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Why Nigeria needs to pass a Data Protection Bill

The Nigerian banking system was for many years dominated by the brick and mortar banking system, commonly referred to as traditional banks, which dictated customer banking information and related financial data.

This includes recording how much we spend, save and borrow – from bill and mortgage payments to essential goods and services.

By law, banks in Nigeria are required to protect customers against unauthorized disclosure and access to their data. To fulfill this responsibility, banks and their staff typically isolate their customers’ data from others by withholding it.

Fintech innovators can design personalized, user-friendly products and solutions that bring speed, lower costs and more convenience to consumers

However, for about five years now that open banking has entered the scene, with the potential to unlock a wave of digital financial innovation and even disruption, it has not been the same.

Open banking refers to a system for sharing financial products and services. It enables non-banks to offer banking functionality by enabling them to exchange information and/or data with traditional banks in an efficient and secure manner.

With open banking, trusted applications (apps) operated by third-party vendors can access a banking customer’s information, with the customer’s permission.

All of this happens in a secure and standardized framework, using a technology called open banking application programming interface (API). Open banking has proven to be a global game-changer by driving innovation and improving competitiveness in the financial services industry. Nigerian consumers of financial services are also set to become the beneficiaries of the emerging competition in financial technology (fintech).

With so much of people’s lives spent online during the Covid-19 pandemic, individual consumers and small and medium enterprises (SMEs) have become much more open to fintech apps and other financial products and services. non-traditional.

It was reported that in the first six months of 2020, the number of users of open banking-enabled apps or products in the UK doubled from one million to two million and rose to more than three million in February 2021. In the United States, almost one in two consumers now use fintech solutions, mainly peer-to-peer payment solutions and non-bank money transfers.

The pace at which countries adopt open banking will obviously vary depending on their particular circumstances. In Nigeria, open banking is growing with the Central Bank of Nigeria (CBN) leads the way in regulation.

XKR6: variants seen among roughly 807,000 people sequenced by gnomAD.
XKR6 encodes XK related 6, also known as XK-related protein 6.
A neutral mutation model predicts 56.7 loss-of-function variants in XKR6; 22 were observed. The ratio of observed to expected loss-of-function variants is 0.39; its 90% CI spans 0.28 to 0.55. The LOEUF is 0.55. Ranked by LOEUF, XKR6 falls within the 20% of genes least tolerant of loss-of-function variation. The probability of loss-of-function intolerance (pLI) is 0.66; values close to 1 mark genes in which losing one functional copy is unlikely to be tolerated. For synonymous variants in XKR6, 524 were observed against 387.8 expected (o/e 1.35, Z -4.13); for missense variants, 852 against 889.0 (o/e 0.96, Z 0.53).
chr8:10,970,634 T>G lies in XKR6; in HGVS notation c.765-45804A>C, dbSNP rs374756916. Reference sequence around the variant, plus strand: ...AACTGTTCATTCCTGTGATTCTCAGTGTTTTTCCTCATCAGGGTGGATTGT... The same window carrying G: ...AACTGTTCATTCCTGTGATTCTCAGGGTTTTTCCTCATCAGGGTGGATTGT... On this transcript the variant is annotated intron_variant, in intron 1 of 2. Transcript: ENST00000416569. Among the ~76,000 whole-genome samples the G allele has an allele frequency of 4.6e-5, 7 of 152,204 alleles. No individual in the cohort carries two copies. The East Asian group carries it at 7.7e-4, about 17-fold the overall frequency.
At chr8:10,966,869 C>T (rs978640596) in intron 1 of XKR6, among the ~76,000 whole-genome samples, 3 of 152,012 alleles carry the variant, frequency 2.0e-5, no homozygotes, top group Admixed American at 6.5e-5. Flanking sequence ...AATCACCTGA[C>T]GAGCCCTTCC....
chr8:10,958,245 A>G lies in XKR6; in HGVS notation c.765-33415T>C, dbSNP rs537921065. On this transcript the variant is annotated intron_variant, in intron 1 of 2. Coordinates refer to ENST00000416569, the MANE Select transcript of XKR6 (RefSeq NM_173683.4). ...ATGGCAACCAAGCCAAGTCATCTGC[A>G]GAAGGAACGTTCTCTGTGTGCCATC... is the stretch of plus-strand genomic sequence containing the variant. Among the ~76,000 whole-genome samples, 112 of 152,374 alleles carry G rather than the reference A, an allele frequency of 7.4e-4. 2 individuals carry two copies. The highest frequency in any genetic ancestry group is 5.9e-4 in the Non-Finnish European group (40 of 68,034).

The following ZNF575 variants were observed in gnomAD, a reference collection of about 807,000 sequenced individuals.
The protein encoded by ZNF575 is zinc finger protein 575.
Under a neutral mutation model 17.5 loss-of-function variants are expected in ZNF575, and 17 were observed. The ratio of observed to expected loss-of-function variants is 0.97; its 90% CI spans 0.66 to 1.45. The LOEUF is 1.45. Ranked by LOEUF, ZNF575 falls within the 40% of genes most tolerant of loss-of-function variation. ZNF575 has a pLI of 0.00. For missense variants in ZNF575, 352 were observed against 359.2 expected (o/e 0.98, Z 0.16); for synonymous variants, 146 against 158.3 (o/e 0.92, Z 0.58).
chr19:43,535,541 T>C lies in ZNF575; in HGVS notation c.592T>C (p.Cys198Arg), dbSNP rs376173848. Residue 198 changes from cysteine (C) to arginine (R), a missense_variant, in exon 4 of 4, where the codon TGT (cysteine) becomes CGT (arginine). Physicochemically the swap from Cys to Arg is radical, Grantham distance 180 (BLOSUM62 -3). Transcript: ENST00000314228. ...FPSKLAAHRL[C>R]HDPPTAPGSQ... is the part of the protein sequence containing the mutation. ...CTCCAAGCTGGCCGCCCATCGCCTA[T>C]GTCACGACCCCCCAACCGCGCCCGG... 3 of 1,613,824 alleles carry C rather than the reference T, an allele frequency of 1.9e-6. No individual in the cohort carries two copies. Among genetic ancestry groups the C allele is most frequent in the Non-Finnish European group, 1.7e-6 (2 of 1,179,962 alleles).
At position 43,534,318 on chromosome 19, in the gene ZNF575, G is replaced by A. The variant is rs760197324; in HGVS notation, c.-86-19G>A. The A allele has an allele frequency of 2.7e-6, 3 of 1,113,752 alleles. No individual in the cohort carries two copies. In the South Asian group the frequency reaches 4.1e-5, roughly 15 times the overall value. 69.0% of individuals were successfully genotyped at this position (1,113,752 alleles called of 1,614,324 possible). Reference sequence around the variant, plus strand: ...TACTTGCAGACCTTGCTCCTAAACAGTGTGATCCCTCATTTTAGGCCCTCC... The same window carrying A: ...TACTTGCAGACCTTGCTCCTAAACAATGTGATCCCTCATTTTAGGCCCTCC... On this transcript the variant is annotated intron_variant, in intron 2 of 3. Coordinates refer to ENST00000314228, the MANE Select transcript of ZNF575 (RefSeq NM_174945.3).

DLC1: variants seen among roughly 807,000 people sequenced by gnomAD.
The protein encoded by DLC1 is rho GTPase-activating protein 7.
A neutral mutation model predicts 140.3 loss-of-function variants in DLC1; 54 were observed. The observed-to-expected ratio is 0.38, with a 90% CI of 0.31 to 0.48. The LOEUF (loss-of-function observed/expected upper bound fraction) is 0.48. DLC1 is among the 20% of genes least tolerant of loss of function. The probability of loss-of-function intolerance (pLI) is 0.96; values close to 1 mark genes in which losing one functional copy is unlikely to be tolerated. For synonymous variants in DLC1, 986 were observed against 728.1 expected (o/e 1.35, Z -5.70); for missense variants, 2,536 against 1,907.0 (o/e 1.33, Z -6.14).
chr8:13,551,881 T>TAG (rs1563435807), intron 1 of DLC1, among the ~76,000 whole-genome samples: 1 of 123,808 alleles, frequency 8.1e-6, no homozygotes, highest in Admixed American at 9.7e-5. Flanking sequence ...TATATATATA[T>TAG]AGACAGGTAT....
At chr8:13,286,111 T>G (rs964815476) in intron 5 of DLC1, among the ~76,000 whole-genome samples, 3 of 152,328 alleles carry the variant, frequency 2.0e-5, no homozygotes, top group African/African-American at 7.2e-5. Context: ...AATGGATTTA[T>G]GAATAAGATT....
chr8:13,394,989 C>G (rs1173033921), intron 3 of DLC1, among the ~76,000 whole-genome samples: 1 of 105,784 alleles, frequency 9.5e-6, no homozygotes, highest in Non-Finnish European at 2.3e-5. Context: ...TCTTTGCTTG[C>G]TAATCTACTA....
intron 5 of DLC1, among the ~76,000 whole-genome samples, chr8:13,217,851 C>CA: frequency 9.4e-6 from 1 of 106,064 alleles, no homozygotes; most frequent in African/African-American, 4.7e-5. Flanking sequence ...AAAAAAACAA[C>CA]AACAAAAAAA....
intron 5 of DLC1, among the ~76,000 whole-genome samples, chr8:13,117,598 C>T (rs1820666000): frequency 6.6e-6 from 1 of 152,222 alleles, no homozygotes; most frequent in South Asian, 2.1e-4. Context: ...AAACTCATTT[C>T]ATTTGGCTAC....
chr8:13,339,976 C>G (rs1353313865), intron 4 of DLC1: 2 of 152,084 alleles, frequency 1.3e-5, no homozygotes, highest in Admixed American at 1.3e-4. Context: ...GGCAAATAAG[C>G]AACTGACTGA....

The CBN published the Regulatory Framework for Open Banking in Nigeria in February 2021 to regulate the activities of participants in the ecosystem as well as clarify the guidelines for APIs. Some time ago, the CBN further issued the operational guidelines for open banking in accordance with the provisions of the regulatory framework.

This structure was issued due to the increasing integration of banks and other financial institutions with financial services innovators and the growing adoption of API-based integrations in the industry.

Open banking simultaneously underpins and propels an expanding ecosystem of financial and non-financial institutions to access consumer financial data in a regulated environment. This will enable the delivery of new financial products and services, based on consumer preferences and consent.

For fintech startups, this opens up opportunities to offer competitive banking products and solutions to a wider market. Fintech innovators can design custom, user-friendly products and solutions that bring speed, lower costs, and more convenience to consumers.

It can also help financial service consumers access their multiple accounts from a single app and monitor their savings and spending. Allowing banks to offer regulated open access to their core banking services through third-party channels via APIs would enable and encourage greater transparency, flexibility and competition.

Also Read: How Lack Of Central Data System Is Crippling Nigeria’s Aviation Sector – Finchglow GMD

A few years ago, Nigerians had to go to bank tellers and spend precious time waiting their turn to open an account. This is different from what has been achieved since the introduction of open banking.

Today, with an open banking system, account holders can easily open an account and access other basic banking services. In addition, open banking offers customers additional flexibility in the way financial products and services are provided and interact with each other.

In this more complex and competitive environment, Nigeria would do well to study changing global trends in legislation and regulation to guard against potential open banking risks, such as breaches of data, fraud and cybercrime – for example in the European Union (EU), the United Kingdom, Australia and India, where governments have, through legislation and regulation, mandated open banking in the purpose of stimulating competition.

In the United States and China, it is a market-led movement, with companies establishing open banking relationships with each other. Singapore adopts a mixture of the two models.

Open banking has transformed the financial services market, players and customers in just a few years. Just as the internet started out somewhat unusual but later revolutionized modern reality, open banking has the potential to reinvent modern financial services.

It will be exciting to see the many innovative banking products and solutions that open banking will bring to the Nigerian financial services industry in the years to come.

Therefore, we urge that to enable open banking to achieve the desired goal, the National Assembly should, as a matter of urgency and in line with global standards, pass the Data Protection Bill.